If you want to use the JUNO-Gi as your master controller or use its tones, leave the Preferences window open for the next section of this booklet. If not, click Close.

   

9

 
 
 
     

Selecting the JUNO-Gi as a MIDI Controller

Here’s how to set SONAR to exchange MIDI messages with the JUNO-Gi.

1 Click Devices in the MIDI area at the left of the Preferences window.

from

(If the Preferences window’s not yet open, select Preferences the Edit menu.)

not yet open, select Preferences the Edit menu.) 2 In the Inputs and Outputs areas, make

2 In the Inputs and Outputs areas, make sure that the JUNO-Gi’s boxes are checkmarked.

3 Click Apply.

4 If you want to use JUNO-Gi tones with your DAW, leave the Preferences window open for the next section. If not, click Close.

Enabling Simple JUNO-Gi Tone and Rhythm Selection

1

Using

Cakewalk SONAR Instrument Definition List file to your desktop.

Right-click the file and choose Extract All

your

browser,

click

and

download

the

JUNO-Gi

2 , your destination. This creates the junogi_ins folder.

3 Back in SONAR’s Preferences window, click Instruments in the MIDI

from

selecting the Desktop as

area at the left. (If the window’s not open, select Preferences the Edit menu first.)

4 Click the Define

button, circled in red below.

first.) 4 Click the Define button, circled in red below. 5 When the Define Instrument Names

5 When the Define Instrument Names window opens, click Import

6 Navigate to the junogi_ins folder, and open it.

Import 6 Navigate to the junogi_ins folder, and open it. 7 Select the JUNO-Gi_Tone+GM2.ins file, and

7 Select the JUNO-Gi_Tone+GM2.ins file, and click Open.

8 In the Import Instrument Definitions window, make sure Roland JUNO-Gi: Tone is selected, and click OK.

Instrument Definitions window, make sure Roland JUNO-Gi: Tone is selected, and click OK.   10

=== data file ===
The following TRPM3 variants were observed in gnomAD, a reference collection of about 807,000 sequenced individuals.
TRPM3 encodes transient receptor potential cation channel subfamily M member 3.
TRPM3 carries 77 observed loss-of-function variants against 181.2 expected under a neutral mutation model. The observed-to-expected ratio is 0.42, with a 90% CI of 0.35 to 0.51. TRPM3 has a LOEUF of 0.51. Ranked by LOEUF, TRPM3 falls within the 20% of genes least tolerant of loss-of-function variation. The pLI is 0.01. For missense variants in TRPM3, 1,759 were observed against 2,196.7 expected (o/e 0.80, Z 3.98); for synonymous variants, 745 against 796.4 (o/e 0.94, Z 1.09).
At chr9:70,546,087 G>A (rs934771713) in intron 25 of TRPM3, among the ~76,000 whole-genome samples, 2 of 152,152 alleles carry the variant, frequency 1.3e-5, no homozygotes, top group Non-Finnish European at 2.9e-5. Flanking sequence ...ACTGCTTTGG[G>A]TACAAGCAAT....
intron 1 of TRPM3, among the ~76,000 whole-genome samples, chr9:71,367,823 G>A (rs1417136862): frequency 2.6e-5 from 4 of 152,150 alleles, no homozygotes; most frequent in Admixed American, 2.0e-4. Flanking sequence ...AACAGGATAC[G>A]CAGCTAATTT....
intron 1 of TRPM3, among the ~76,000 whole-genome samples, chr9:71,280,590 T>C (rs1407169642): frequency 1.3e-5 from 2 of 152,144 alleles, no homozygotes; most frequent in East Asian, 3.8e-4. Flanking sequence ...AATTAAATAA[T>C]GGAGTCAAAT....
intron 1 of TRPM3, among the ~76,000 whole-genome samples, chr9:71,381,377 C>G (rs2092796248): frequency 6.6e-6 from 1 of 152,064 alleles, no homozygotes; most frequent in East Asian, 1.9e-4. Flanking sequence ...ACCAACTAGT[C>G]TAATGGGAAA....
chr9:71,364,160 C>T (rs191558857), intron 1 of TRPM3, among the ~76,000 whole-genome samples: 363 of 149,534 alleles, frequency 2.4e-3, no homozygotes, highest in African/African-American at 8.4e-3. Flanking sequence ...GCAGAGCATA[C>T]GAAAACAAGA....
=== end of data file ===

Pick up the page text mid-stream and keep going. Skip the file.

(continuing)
10

   

9

Repeat Steps 4-8, this time selecting the JUNO-Gi_Rhythm+GM2.ins file in Step 7 and Roland JUNO-Gi: Rhythm in Step 8.

10

Back in the Preferences windows’ Instruments pane, select all of the JUNO-Gi’s outputs in the left-hand box.

11

Control-click JUNO-Gi / 10 to de-select it.

 

12

In the right-hand box, select Roland JUNO-Gi: Tone.

 
 

13

Click JUNO-Gi / 10 so it’s the only output selected.

14

In the right-hand box, select Roland JUNO-Gi: Rhythm.

 
   
 

15

Checkmark the Save Changes for Next Session box so you don’t have to import the JUNO-Gi definitions each time you start a new project.

Using the JUNO-Gi with SONAR X1 LE and SONAR X1

The JUNO-Gi as SONAR’s Audio Interface

Listening to SONAR Through the JUNO-Gi

Once you’ve got the JUNO-Gi configured as SONAR’s audio interface, you can listen to SONAR

through your speakers—by connecting the JUNO-Gi’s L/MONO and R OUTPUT jacks to your mixer, powered speakers, or amplifier.

through headphones—by plugging your headphones into the JUNO-Gi’s PHONES jack.

In both cases, the JUNO-Gi’s VOLUME knob controls your listening level.

If you can’t hear SONAR at all through the JUNO-Gi, select the SONAR Master channel strip and check to make sure JUNO-Gi OUT is selected as its output.

Setting Up an Audio Track for Recording From the JUNO-Gi

1 In SONAR X1 LE or SONAR X1, create an audio track or select one that’s not in use.

2 Make sure the audio track’s Input Echo button is turned off since you’ll be listening to your live audio through the JUNO-Gi to avoid a timing lag, or “latency.”

3 Click the Input popup and select Stereo JUNO-Gi IN.

Input popup menu

Input popup and select Stereo JUNO-Gi IN . Input popup menu Output popup menu   11
Input popup and select Stereo JUNO-Gi IN . Input popup menu Output popup menu   11

Output popup menu